Our time to separate is coming in a few weeks, as they are headed south faster than us, but that is the life of a cruiser. Friends tend to be made quickly and also quickly separated. But the good friends you make, still manage to stay in touch.

Tuesday, September 27, 2011

Floaty Party


We made it to the village at LA Bay just in time to attend the last Floaty Party of the Season. Since this is our last season in the Sea of Cortez, we really wanted to make it in time. I am so glad we did. It’s just a silly party for people who obviously have a lot of time of their hands. Almost the entire fleet of boats who are summering here attended, which meant that 26 boats were floating around in La Gringa.

At high tide, everyone assembles in a small lagoon and then as the tide turns and starts to run out, everyone rides the current out of the lagoon and into the bay. As you float out of the lagoon, you pass the judges sitting on a small spit of land, and they decide who gets the prizes for best costume. And that is a Floaty Party. Like I said, it's a silly excuse to get together, dress up in costumes and talk!

My costume of a hammerhead shark did not even get a nod from the judges (probably because it was pretty lame!), but Jack's re-enactment of Cast Away with his bouy "Wilson" got an Honorable Mention and a bag of goodies at that night's Award Assembly and Potluck Dinner.





Pirates Marcia and Dave on Juniata were one of the big winners at the Awards Ceremony, pictured to the left.


Another big winner was Linda on Jacaranda who was Blue Octopussy. Considering that she hand-sewed her elaborate costume and actually bought fabric and goods specifically to build it, I think her win was well deserved. It's no wonder I didn't win since all I did was strap a half-deflated floaty to my head and put some duct-tape teeth on my hat! But it's the thought that counts.

Friday, September 2, 2011

2 Days Out and I Find a Lump...

Dolphins playing in front of our boat underway

Yeah, I know I said you wouldn't be hearing from me for many weeks, but here I am. Just when you think you know where your life is headed, you get handed a surprise.

Finally our summer had started when we left Santa Rosalia on August 28th and headed north for the remainder of the hurricane season. Our first day started out great with a couple different pods of dolphins providing escort and we had amazing fishing. We caught and released several dorado on barbless hooks, had numerous strikes that got off (since the barbless hooks don't dig into their flesh and hold on). We also saw two hammerheads swimming by the boat (an unusual experience) and just had beautiful weather with a slight southern breeze pushing our boat along.

The second day dawned gorgeous also and the fishing remained hot with us bringing in and releasing 5 dorados and again losing many more when they shook off the hook before we got them to the boat. Life was good. Then that night I discovered a lump in my breast. It just didn't seem real, but it was there every time I checked. Being the daughter of a breast cancer survivor, there was no way I could ignore it. I wasn't too worried, but I couldn't wait two months for the hurricane season to end before getting a doctor's opinion. Of course, there was a hurricane brewing and it was hard to turn the boat around and head back closer to the danger, but what's a possible hurricane compared to possible cancer?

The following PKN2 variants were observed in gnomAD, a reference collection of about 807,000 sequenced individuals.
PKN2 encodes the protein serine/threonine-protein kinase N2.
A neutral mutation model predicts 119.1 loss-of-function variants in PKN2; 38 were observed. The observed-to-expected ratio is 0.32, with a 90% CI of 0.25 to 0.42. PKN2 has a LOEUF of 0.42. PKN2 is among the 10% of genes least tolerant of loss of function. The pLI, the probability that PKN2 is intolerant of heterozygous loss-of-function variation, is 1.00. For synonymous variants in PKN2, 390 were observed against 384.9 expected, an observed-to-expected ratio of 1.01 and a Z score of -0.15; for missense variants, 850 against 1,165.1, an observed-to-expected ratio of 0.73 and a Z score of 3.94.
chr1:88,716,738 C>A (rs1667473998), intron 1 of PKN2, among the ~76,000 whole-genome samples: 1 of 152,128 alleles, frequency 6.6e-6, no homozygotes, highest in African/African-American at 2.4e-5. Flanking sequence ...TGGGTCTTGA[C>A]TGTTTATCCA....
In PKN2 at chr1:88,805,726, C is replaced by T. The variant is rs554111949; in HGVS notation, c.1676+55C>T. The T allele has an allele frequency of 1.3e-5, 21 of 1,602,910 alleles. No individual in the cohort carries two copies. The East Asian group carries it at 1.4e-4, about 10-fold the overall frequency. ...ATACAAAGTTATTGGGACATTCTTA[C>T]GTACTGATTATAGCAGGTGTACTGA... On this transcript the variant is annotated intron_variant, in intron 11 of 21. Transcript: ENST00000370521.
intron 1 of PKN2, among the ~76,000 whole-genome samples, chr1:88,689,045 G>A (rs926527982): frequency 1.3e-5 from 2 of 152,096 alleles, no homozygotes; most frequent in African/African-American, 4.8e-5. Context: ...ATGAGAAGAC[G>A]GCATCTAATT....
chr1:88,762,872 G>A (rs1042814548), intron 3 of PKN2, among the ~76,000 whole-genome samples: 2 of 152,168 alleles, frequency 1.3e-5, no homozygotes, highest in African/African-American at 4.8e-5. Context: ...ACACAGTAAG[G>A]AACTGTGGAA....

So the next day, we turned the boat back south and began our 1,000 mile roundtrip journey to get to a doctor with a mammogram handy. Of course, we kept fishing and caught and released another five dorados and finally took the hook off and just trolled the jig and still had strikes that made the pole sing! We motored into the wind for 8 hours that day and tied the boat at the dock in Santa Rosalia that night. We made several phone calls and found out the closest place to get a mammogram on the Baja was in La Paz. So we lined up a doctor's appointment for the following evening and went to bed. The next morning we began the 8 hour trip to La Paz in our car. Patrick drove like a demon and we made it to La Paz in 6 1/2 hours and in plenty of time for my appointment. The doctor is a sweet woman who pulls out a long needle and sticks it into the lump to see what comes out. Thankfully the lump was filled with a clear liquid and the doctor tells me this is a very good sign. The doctor told me to bring the mammogram films back to her the next evening and she would read them for me.

The following morning's mammogram was an exercise in embarrassment caused by my extremely bad command of the Spanish language which is completely the result of how easily flustered I can get when I am trying to speak, let alone speak in a different language than English, especially when I am anxious. Truly it was embarrassing and involved lots of really bad charade moves. Monte Python should consider it for a possible skit idea. At the end, the doctor who oversees the mammogram clinic handed me the films and said a little speech in which I caught the word "Bueno." I took this as a good sign and left feeling hopeful. Later that evening, my doctor confirmed that the results for all tests had come out perfectly fine. I had a benign cyst and there was no other treatment necessary.

We woke up this morning and started our 8 hour trip back to Santa Rosalia and arrived back at the boat just an hour before dark. And tomorrow morning, weathing permitting, we will begin again our summer in the Sea.